The L's and A's
In the quarter century five hundred and six,
I, Francois Villon, ex-furrier,
Considering the rent, a sense of race,
The reign of debts and the frankness of a furrier
Who dotes on his work constantly.
Come on Vegetables! The racket of a
Sage Roman, grand counselor,
Or the treatment of a sick mosquito...
In these times that I sit on the divan,
All through Christmas, the station of the dead,
Where you can live, lob and invent.
And when my tent is my home,
For the free starches and the pressed tissue,
I see myself as the voodoo law breaker,
The very randy prisoner
Whose only cure is the breakage.
I'm in the face of a tall falcon.
Who is going to sell my deviant youth
With the consent of the mother falcon,
Without which I would start digging or remedial reading
Through the suffering, clam-baked sky
And throught the pissed-off vengeance of a woman
Whose every god has vanished
Lift her up and call her Queen Michelle Piano.
I’m as redundant as looking at a mirror
That regards beauty with some semblance
Of sophisticated deceit
Just when the flanks have trespassed against me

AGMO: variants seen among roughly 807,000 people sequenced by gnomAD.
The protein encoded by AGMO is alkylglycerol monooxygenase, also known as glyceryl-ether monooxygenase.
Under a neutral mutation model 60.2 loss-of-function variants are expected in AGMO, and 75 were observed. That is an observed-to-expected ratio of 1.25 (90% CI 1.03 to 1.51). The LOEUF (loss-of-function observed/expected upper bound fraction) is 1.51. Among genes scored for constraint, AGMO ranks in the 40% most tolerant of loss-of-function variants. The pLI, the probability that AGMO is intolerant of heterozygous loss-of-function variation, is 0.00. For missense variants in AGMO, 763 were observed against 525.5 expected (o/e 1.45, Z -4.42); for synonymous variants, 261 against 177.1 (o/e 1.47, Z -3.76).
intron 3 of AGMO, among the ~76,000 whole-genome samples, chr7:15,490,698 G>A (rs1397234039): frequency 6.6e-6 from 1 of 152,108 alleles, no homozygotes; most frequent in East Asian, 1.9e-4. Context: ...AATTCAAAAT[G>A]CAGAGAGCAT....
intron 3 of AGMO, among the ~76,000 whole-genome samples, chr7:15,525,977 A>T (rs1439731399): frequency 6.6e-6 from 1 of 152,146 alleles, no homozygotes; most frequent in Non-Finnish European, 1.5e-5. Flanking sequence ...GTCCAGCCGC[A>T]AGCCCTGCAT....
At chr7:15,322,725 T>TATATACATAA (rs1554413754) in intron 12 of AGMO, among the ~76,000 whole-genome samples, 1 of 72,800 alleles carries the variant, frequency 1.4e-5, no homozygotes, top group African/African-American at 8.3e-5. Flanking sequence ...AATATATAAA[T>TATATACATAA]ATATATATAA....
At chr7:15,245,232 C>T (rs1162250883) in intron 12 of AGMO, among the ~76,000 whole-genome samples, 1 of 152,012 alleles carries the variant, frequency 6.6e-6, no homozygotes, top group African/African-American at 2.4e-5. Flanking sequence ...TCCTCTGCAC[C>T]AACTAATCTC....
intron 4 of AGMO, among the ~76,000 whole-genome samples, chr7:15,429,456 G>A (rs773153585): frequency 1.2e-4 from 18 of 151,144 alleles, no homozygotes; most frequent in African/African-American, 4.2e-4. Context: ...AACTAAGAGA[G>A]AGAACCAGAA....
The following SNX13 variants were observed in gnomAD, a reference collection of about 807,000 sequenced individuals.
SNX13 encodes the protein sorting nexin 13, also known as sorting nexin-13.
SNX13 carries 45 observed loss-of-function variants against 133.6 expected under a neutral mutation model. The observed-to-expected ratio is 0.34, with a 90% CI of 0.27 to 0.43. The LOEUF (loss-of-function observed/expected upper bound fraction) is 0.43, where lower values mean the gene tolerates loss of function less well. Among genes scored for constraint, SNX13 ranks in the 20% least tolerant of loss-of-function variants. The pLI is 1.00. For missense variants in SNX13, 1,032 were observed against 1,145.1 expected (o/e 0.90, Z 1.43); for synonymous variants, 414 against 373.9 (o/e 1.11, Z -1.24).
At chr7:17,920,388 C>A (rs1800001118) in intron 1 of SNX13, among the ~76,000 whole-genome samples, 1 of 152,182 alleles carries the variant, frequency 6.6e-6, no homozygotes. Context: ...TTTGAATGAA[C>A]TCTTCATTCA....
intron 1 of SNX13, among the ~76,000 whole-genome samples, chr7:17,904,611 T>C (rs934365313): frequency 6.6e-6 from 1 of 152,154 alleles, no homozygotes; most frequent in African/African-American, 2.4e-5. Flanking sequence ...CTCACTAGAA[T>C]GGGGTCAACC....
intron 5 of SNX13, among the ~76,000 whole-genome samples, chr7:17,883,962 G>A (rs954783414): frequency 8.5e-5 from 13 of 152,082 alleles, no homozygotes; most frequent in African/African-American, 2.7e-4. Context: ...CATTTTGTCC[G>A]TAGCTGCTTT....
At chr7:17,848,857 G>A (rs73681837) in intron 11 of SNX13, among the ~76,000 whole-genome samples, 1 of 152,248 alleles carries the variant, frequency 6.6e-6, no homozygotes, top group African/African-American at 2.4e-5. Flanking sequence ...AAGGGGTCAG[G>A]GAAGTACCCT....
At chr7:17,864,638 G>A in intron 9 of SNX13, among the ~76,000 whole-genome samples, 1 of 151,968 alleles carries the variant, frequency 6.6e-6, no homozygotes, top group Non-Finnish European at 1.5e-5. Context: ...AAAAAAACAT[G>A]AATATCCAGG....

Being sick isn't my verse, my white feet
And my faults side by side.
Plant me four feet under the complaints
And knock and enter with a coin.
The mirror reduces me to a plank
That has a felonious side and a durable side
That can talk about sin and mercy
And desire and ordering out but also can suffer
Death, and anything else that would stop my existence.
I’d sooner holler to secure a fur
Than romp through life soldering things
Without dignity and without spitting out regrets!
For the dangers are obvious
My, my aren't they! I cry, departing.
Goodbye! I mean, Oh woe is
A country that does not have a room with a view for me,
Its sad grace too convenient to part with.
For her death and dismemberment we sing
Into the fort (night), I am a man to martyr
My name and number part of the sanity clause.
Cancel my departure so that it
Endures, sift through my bologna cologne:
, my poor over-conceited senses,
Other than me, are what I long for.
it has a sore Boulogne
Knee, foot and altimeter.
It is poor me, pitiful and besodden!
Whose God will open up my clam!?
And also, you leave and I'm at fault,
And you return and you’re certain
(I am not a man without faults,
I don't have a quarter, a seer and I disdain
To live out a humanity that is incertain,
Before death and when I relax
I do so by shouting and paying for some Roy Tans),
To establish her lazy presence.
Before I am here, out comes the name of the father,
And of the son and of the Spirit of Santa
And out comes the glory of a mother
Who’s as cute as rain without parrot.
I am lazy and on par with God. I am a brute
And a maestro: Willy Villon,
Who, in honor of the same, brutal name,
Lives in a mess tent and leaves the bell on.
Has a hundred donkeys that are jaded